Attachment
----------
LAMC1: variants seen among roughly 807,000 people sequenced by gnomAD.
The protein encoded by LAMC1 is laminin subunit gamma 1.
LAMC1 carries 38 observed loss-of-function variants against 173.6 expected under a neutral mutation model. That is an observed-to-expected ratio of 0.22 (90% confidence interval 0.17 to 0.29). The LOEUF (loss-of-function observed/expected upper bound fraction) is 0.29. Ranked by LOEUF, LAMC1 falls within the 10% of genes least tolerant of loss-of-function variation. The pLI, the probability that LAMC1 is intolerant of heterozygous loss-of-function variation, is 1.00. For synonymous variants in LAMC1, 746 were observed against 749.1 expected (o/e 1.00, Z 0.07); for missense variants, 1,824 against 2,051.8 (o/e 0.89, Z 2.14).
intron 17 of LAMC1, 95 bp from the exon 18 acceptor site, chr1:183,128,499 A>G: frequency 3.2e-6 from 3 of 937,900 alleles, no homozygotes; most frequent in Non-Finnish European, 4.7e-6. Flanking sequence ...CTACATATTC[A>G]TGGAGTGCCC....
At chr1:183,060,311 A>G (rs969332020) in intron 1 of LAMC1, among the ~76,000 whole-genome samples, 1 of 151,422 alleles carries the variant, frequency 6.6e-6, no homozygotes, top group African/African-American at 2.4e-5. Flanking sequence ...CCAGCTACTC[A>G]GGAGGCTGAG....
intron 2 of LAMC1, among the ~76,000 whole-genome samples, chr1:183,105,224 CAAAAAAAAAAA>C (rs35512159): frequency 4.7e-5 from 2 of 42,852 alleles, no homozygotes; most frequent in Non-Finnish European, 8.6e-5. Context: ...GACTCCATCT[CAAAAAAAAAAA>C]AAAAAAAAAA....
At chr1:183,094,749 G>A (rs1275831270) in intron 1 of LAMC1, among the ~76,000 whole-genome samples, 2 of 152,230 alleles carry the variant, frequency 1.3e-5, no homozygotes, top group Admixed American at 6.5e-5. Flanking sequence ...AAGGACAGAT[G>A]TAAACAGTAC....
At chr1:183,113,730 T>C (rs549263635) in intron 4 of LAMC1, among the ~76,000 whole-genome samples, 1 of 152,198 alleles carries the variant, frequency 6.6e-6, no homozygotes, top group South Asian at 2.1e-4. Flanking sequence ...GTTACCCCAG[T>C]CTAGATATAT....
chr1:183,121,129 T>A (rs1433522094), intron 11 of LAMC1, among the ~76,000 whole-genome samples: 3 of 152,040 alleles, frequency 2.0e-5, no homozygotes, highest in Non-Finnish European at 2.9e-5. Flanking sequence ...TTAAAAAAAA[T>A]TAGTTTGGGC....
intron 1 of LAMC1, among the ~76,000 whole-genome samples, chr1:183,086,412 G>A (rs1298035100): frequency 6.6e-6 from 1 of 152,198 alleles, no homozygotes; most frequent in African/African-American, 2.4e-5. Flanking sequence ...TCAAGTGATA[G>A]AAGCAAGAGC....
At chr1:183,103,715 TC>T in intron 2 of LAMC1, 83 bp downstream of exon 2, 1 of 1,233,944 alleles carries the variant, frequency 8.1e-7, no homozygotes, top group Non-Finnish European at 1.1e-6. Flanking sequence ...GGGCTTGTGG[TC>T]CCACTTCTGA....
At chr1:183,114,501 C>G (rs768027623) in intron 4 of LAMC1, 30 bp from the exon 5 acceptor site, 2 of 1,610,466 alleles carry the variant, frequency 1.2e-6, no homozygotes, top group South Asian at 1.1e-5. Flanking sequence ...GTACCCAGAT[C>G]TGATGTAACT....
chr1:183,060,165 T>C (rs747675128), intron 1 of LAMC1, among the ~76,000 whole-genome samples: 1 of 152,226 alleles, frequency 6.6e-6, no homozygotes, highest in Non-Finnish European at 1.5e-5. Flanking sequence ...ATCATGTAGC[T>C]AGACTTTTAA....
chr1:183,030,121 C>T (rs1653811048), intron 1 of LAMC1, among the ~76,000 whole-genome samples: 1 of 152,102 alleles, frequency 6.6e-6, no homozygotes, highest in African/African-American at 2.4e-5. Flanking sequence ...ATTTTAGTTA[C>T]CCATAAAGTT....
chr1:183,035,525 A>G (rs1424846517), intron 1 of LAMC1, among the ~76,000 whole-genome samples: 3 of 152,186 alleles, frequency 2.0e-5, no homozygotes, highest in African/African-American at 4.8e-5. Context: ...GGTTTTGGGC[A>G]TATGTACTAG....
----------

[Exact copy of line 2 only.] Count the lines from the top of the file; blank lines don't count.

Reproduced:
The protein encoded by LAMC1 is laminin subunit gamma 1.